A deadly disease affecting amphibians has descended into a global pandemic that has already wiped out 90 species, a prominent US biologist warned Thursday at the World Organisation for Animal Health Aquatic Conference in Santiago, Chile.
Chytridiomycosis is caused by a fungus — Batrachochytrium dendrobatidis — that attacks the skin of frogs, toads and other amphibians.
As the creatures use their skin to breathe and regulate their bodies’ water levels, the damage caused by the disease eventually leads to heart failure and death.
Jonathan Kolby, co-author of a study published in March on the fungus’ devastating effects, lamented what he described as “the first global wild disease issue.”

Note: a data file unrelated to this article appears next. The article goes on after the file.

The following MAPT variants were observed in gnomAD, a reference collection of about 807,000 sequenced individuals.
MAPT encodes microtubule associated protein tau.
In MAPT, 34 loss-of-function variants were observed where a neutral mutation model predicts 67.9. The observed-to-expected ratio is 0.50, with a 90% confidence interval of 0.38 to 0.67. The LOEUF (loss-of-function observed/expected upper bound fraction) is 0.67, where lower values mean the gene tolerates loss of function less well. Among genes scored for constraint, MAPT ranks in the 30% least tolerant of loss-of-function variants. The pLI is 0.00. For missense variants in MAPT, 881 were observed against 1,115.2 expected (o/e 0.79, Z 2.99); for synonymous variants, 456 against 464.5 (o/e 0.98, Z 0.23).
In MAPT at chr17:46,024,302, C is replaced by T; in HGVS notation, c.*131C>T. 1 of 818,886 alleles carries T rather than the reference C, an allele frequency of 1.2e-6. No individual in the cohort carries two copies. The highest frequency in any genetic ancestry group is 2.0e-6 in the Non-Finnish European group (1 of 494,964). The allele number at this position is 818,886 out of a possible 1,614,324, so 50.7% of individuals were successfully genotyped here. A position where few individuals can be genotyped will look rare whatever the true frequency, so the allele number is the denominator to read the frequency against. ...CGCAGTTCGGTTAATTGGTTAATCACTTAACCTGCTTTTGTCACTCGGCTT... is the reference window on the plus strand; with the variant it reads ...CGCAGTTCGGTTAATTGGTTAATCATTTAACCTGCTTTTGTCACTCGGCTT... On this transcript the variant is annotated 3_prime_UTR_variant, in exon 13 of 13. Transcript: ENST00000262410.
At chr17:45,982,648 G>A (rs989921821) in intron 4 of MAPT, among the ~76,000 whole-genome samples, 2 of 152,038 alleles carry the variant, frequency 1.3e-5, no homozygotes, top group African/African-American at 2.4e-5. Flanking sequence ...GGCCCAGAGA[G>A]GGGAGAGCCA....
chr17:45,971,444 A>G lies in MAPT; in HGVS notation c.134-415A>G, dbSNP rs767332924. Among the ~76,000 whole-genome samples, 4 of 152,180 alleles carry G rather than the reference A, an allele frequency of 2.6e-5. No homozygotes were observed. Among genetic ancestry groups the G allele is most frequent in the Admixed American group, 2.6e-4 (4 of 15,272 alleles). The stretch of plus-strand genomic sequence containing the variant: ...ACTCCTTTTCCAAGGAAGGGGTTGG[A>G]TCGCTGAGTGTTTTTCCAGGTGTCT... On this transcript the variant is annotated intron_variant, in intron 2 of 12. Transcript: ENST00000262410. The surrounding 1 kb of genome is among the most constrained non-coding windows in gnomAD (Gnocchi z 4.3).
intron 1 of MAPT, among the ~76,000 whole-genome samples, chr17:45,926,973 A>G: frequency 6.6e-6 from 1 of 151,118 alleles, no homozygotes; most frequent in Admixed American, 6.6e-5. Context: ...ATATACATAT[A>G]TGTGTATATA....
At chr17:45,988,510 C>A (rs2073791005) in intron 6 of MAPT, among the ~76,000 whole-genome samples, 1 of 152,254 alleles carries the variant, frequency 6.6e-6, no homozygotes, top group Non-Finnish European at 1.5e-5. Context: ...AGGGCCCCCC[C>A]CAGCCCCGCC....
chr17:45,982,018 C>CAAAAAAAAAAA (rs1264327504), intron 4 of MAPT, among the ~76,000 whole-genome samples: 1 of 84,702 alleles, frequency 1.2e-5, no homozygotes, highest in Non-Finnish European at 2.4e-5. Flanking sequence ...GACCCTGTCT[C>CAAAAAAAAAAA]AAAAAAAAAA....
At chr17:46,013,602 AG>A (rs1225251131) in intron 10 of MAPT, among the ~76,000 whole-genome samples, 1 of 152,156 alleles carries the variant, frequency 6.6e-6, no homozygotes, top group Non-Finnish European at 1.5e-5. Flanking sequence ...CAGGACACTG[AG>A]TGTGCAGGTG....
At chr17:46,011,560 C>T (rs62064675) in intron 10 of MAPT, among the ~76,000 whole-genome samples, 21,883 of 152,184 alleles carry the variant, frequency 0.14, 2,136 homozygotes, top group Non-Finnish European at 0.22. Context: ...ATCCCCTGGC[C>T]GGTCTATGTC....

“It’s over 60 countries right now, and that’s part of the problem,” he said.
Over the past five years, the highly contagious disease has already caused nearly 90 species to disappear, with over 500 impacted.
The rapid global spread of the fungus is due to a lack of animal trade rules and airport surveillance, which allows wildlife to be imported without examination.
“To solve it we have to focus on regulation,” said Kolby, who worked on the study alongside around 40 other international experts.
“Globalization is good for people but it has consequences to animals,” he added. In the US alone, five million amphibians enter the country every year.
Currently, the disease is most widespread in Latin America and Australia, with trade with Asia — where the fungus originated — blamed for the spread.
Scientists also believe a genetic mutation of the fungus may have made it more dangerous.
Amphibians play a major role in maintaining aquatic environmental quality. They also feed on mosquitoes, which carry human diseases such as malaria and the Zika virus.